I told them how the older boy ran to start the car, and how the younger boy then took my arm. "Walk slowly," he said. He seemed to be high on something, and when I realized this, I became more afraid. We walked together slowly toward the car as the older boy tried to start it. I felt dizzy and began to swerve away from him.

"What are you doing?" he said. "Where are you going?"

"Nowhere," I assured him. I wanted him to believe me, but more than that I wanted to get away from him. We were at the car. He opened the back door.

"Get in!"

I begged him, "No, just take the car. I don't want to go."

He repeated, "Get in."

I stood there.

Finally, the boy who was driving opened his door and yelled, "Get in!"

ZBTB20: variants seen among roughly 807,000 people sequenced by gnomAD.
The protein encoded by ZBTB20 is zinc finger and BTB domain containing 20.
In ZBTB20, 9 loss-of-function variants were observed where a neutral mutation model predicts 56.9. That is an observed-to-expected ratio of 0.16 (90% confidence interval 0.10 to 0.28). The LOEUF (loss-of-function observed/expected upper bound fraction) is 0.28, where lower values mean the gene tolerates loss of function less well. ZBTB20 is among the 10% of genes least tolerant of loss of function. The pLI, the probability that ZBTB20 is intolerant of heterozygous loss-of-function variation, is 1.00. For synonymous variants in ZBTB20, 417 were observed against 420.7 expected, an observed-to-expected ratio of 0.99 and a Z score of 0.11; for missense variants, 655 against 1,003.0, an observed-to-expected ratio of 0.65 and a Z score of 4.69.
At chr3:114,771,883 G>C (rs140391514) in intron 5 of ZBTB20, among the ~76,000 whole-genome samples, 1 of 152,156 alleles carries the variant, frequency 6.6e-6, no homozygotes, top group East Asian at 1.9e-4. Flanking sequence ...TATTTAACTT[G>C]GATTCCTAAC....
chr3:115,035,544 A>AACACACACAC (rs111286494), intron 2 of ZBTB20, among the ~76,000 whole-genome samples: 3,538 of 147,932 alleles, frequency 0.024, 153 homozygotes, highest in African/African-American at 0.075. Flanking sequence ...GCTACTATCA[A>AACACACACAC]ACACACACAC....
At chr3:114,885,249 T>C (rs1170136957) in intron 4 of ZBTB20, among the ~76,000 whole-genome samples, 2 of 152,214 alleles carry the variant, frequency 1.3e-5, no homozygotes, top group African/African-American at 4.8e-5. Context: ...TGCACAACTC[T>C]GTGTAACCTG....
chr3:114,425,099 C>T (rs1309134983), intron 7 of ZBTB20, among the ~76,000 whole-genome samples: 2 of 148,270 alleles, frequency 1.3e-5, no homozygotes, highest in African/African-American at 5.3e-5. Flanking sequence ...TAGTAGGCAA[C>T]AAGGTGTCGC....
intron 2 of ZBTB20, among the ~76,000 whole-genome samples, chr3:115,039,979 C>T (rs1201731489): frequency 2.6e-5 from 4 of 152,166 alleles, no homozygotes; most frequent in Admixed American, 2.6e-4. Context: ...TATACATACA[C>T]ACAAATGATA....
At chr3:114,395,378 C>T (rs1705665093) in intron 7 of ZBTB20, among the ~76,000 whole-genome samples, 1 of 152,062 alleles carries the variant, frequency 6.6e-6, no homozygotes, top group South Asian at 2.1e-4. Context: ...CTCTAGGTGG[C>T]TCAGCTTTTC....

The younger boy tried again to push me into the car.

"No, you get in," the older boy yelled at him. Immediately he did, leaving me standing by the side of the car. The car wheels squealed as he spun it out from the curb and around, driving back down the block toward Division Street, where I lived.

After it happened, I told people how it had occurred on Paulina where the street curves slightly, just between Division and Milwaukee. I told them how I ran past the Polish woman. I turned down Milwaukee Avenue and ran past the big Jewel across from the thrift stores. I told them how a man walked toward me as I ran, and he smiled broadly, in a way that seemed both campy and psychotic. I told how I had the sense of being in a bad David Lynch film as it was happening, even before my terror had subsided.

I told them that I finally arrived at a night-club that looked busy and well lit. I ran into the club and spoke to the waitress or hostess or manager. I could barely get out the words. I was crying and my body shook. I asked for the telephone: "I was mugged."